How to Tell Your Boyfriend You Can’t Have Children

When is the right time to have “the talk” about having kids with someone you’re dating? Even more importantly, how do you say “I can’t have children” if you’ve been diagnosed with infertility? These tips for telling someone you’re in love with – and perhaps even considering marrying – will give you the support and confidence you need.

A reader inspired me to write this article. “How and when do I tell someone I’m dating that I am infertile?” asked Amanda on 9 Tips for a Happy Marriage for Couples Who Can’t Conceive. “I tend to think that I should tell a new guy early on about my condition. I’m an honest person and do not want to trick anyone or make them feel lied to. But I don’t know how to say I can’t have children without feeling weird about bringing it up too soon. What if he isn’t even thinking about marrying me? Then I’d feel foolish. When is the right time to tell someone you love – or even just like – that you can’t get pregnant?”

First, learn how to be comfortable talking about infertility. If you’re awkward and uncomfortable talking about the fact that you can’t have kids, your boyfriend or husband will follow your lead. He’ll feel awkward and uncomfortable, too – and that sets the wrong tone for a topic that isn’t something you should feel weird, embarrassed, or ashamed of.

Second, make friends with your infertility. Call it a condition if you like, or even a dark passenger. Call it Betty or the Big F. I named the huge bunion on my left foot “Bumpy.” I call my ulcerative colitis my “Pooper” and am currently searching for a name for the big mole that is growing on my face. Molesome!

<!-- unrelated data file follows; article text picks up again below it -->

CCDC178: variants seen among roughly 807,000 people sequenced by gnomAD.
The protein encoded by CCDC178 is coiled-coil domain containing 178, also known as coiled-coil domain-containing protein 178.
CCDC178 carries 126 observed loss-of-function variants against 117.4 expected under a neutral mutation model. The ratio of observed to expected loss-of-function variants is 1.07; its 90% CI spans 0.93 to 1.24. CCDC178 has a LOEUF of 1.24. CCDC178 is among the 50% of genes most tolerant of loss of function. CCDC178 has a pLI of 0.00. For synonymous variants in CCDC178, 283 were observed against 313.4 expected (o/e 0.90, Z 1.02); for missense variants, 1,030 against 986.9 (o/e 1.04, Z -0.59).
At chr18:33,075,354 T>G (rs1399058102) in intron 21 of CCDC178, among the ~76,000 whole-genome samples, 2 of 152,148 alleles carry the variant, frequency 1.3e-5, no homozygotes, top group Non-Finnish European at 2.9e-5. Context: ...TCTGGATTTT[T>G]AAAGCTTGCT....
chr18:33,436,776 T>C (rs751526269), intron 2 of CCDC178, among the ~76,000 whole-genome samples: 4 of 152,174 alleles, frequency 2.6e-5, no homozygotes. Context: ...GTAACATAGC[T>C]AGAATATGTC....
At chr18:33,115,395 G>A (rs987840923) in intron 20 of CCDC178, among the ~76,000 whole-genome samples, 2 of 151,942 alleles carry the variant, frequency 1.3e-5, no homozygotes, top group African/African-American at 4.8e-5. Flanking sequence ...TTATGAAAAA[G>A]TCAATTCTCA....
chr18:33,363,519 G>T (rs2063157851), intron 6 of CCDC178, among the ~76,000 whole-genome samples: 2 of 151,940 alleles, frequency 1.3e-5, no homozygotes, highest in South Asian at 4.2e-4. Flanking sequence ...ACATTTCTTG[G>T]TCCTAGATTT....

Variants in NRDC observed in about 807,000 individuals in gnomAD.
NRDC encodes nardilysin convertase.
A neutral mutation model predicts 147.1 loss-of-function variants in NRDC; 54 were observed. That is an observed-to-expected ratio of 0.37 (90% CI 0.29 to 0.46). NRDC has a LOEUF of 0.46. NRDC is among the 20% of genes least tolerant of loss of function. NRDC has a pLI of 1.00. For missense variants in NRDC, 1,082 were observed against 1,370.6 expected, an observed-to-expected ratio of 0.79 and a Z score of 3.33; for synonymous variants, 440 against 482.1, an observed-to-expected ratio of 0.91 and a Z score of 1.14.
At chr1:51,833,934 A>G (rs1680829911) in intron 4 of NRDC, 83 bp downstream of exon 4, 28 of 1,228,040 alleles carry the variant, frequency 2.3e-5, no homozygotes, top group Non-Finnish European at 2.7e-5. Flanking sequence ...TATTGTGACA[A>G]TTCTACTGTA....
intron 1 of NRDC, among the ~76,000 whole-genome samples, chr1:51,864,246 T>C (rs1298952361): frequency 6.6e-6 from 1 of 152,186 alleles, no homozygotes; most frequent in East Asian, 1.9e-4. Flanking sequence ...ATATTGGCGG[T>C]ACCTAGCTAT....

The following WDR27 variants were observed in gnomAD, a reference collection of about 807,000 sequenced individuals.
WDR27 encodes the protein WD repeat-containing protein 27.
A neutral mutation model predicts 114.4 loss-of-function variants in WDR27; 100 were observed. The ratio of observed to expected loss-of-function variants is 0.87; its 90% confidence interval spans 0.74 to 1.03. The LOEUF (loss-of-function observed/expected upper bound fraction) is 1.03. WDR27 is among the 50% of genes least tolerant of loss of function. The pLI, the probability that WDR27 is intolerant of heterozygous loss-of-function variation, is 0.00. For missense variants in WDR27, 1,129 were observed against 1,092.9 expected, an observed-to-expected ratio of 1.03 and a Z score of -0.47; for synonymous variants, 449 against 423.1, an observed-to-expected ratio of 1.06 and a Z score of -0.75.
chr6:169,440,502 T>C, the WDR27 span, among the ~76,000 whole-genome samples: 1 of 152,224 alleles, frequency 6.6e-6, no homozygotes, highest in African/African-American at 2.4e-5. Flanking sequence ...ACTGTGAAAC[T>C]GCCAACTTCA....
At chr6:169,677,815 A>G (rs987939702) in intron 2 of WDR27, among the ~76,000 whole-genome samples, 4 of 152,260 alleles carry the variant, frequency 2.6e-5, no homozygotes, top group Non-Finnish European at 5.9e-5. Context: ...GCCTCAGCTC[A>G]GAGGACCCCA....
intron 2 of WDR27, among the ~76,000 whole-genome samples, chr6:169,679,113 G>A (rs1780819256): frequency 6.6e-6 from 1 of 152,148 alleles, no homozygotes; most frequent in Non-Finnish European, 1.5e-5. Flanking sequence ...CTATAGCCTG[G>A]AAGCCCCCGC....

You don’t have to love the part of your body that seems to be the reason you can’t get pregnant. But, if you make peace with it at least – or even make friends with it – you will enjoy your own body a lot more. And the more you enjoy your body, the more your partner will. If you love your body, your partner will too!

How to Tell Your Boyfriend You Can't Have Children Telling Your Boyfriend You Can’t Have Children 5 Things to Remember When You Tell Him You Can’t Get Pregnant

It’s so important that I have to say it again: If you can’t accept and love yourself, you can’t expect your boyfriend or husband to.

Also, notice what you’re telling yourself about your own inability to have children. How do you feel about your body? Your future? Your life? If you allow other people’s reactions to influence how you think and feel about yourself, you are always under their control. What do you think about not being able to get pregnant? Get clear on how you feel about your body and yourself. Find self-acceptance, self-compassion, and self-love.

The more you love yourself, the less it’ll matter how your boyfriend or husband reacts to infertility issues. If you’re scared and upset about not being able to have children, read How to Stop Anxiety From Ruining Your Relationship.

1. Know and love who you are – infertility and all

Female infertility, no matter how it was caused, isn’t a sign of a less valuable, less beautiful, or less desirable woman. The ability to get pregnant isn’t something women have control over — it’s a health issue that has nothing to do with how smart, lovable, beautiful, or worthy you are. If you can’t have children, don’t fall into the trap of feeling “less than” other women.

2. Tell your partner that you can’t have children as early as possible